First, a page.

Research shows multigenerational companies do well in performance and productivity. It makes sense: A blend of different ages means you get more diverse perspectives and a synergy that gives you a competitive edge. You can also leverage the gifts of different age groups to boost engagement. To do so, I suggest setting up a bi-directional mentoring program.

We know Gen Y and Zers crave development. Well, you’ve got these seasoned employees who could share their expertise with those less experienced. And reverse mentoring is a big trend now too: How better to engage millennial and Gen Z employees than to get them involved in working with baby boomer employees on the latest innovations in technology or social media?

Another key to creating a strong multi-generational company is to learn what truly motivates your employees. Leaders might think all millennials and Gen Zers care about is money, but maybe it’s because that’s all we’re offering them. Research shows that they really want a sense of fit and “skin in the game.” We need to do the work of getting to know them and developing them. Make sure they know where the advancement opportunities are. When we make the effort to give younger employees what they really need, we’ll usually find they’re huge assets to us.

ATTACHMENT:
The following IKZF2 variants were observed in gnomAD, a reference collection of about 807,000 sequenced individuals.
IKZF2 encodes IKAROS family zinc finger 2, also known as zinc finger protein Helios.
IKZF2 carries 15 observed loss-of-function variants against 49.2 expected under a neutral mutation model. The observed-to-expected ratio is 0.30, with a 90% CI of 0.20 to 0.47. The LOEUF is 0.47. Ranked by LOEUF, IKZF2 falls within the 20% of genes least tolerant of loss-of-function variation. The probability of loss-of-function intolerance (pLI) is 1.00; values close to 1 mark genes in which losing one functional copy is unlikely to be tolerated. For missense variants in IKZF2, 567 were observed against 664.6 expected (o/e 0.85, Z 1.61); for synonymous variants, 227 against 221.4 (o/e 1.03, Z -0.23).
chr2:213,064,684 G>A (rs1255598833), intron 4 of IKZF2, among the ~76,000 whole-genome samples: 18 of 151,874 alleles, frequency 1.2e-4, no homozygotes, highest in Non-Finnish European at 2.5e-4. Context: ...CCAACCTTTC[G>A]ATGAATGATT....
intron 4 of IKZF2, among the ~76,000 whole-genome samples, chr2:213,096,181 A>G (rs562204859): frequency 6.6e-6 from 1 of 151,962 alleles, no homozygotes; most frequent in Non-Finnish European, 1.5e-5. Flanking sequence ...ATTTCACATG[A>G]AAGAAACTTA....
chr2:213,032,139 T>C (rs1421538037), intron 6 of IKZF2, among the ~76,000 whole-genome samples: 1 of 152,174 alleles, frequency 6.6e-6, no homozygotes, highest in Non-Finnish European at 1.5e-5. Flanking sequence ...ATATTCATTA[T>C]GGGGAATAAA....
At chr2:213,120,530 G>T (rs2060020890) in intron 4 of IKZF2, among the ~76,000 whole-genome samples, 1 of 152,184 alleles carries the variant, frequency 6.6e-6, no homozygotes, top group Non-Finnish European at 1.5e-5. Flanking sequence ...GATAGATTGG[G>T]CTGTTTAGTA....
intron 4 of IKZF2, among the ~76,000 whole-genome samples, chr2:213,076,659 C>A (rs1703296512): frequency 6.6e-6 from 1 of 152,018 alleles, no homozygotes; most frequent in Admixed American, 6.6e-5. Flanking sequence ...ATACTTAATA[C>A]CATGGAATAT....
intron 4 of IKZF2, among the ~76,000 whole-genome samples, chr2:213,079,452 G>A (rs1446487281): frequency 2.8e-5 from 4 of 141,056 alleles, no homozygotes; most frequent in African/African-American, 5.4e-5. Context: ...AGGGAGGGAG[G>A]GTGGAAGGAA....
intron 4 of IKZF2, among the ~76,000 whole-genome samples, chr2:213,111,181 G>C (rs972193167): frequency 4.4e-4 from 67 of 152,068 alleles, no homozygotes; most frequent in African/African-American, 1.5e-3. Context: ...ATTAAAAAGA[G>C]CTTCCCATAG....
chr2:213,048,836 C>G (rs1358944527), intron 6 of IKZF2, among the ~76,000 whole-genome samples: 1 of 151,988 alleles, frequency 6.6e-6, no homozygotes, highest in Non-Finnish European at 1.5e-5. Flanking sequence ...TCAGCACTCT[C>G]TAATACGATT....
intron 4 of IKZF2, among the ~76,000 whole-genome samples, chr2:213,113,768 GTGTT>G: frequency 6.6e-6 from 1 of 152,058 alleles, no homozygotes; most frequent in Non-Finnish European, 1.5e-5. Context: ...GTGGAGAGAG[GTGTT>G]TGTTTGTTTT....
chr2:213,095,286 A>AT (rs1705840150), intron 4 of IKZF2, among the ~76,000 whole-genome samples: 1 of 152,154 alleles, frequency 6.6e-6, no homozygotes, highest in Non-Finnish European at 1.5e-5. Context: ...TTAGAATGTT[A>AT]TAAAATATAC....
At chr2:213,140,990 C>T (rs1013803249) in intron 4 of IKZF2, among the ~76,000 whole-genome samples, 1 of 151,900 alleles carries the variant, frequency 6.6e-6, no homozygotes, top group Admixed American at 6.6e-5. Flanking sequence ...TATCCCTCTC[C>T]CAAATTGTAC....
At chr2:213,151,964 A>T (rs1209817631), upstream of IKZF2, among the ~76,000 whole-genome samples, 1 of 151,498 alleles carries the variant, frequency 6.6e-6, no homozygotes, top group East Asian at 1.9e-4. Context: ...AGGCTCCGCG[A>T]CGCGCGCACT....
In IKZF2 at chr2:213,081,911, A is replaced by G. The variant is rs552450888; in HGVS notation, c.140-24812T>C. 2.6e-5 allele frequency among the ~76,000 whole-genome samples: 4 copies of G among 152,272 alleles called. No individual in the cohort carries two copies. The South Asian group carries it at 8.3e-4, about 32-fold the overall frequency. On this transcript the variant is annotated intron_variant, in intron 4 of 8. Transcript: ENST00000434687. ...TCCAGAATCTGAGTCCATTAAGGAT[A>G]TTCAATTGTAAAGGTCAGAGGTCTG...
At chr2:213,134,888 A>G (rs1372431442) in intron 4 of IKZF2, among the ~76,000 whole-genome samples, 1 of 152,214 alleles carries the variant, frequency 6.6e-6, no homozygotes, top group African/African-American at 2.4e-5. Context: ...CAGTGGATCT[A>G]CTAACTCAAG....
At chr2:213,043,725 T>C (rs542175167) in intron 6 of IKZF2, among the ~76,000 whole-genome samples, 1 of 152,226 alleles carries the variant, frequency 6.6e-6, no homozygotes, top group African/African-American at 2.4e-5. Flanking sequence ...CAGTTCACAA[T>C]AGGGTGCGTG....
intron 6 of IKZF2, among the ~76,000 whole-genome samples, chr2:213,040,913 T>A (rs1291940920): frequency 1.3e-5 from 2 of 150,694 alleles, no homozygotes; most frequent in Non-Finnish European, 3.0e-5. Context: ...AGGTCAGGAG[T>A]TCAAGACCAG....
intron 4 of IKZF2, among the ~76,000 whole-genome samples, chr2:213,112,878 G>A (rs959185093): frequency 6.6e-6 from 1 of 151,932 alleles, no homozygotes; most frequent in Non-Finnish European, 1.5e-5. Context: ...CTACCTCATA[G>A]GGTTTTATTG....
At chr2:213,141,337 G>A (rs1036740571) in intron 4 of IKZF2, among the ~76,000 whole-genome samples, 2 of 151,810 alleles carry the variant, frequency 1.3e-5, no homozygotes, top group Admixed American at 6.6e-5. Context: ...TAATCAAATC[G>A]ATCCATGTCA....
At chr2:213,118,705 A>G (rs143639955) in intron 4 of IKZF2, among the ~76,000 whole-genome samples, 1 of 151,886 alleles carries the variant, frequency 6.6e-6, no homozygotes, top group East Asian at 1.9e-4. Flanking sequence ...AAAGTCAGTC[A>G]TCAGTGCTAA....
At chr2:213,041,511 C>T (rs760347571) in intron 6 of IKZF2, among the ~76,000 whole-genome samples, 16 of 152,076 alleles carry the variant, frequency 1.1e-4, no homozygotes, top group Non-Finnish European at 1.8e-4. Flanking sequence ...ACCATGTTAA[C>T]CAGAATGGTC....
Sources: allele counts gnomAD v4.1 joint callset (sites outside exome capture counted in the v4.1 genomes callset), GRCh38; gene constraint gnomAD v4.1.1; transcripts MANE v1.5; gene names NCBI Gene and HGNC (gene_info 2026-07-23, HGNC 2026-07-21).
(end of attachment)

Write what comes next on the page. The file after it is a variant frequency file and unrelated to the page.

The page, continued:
Collectively, the Great Resignation is a gift for employers who are willing to accept it—the chance to reinvent themselves.

It’s kind of a national pause, a national regrouping. From time to time, everyone needs to step back and look at their life and say, “Is this really working for me?” It’s true of individuals, and it’s also true of companies. Very often we find the status quo really isn’t working—and that’s our impetus to shake things up, shift our mindset, and create something fresh, new and energizing.

Rick Grimaldi is a workplace trends expert and the author of FLEX: A Leader’s Guide to Staying Nimble and Mastering Transformative Change in the American Workplace. His unique perspective comes from his diverse career in high-ranking public service positions, as a human resources and labor relations professional for an international hi-tech company, and presently in private practice as a partner with Fisher Phillips LLP, a management side labor and employment law firm. Day to day, Rick works with companies to help them adapt to the ever-changing business environment, achieve their workplace goals, and become better employers. Rick is an internationally recognized writer and keynote speaker, and has been selected through a peer review process as one of The Best Lawyers in America in three of the last four years. For more information, please visit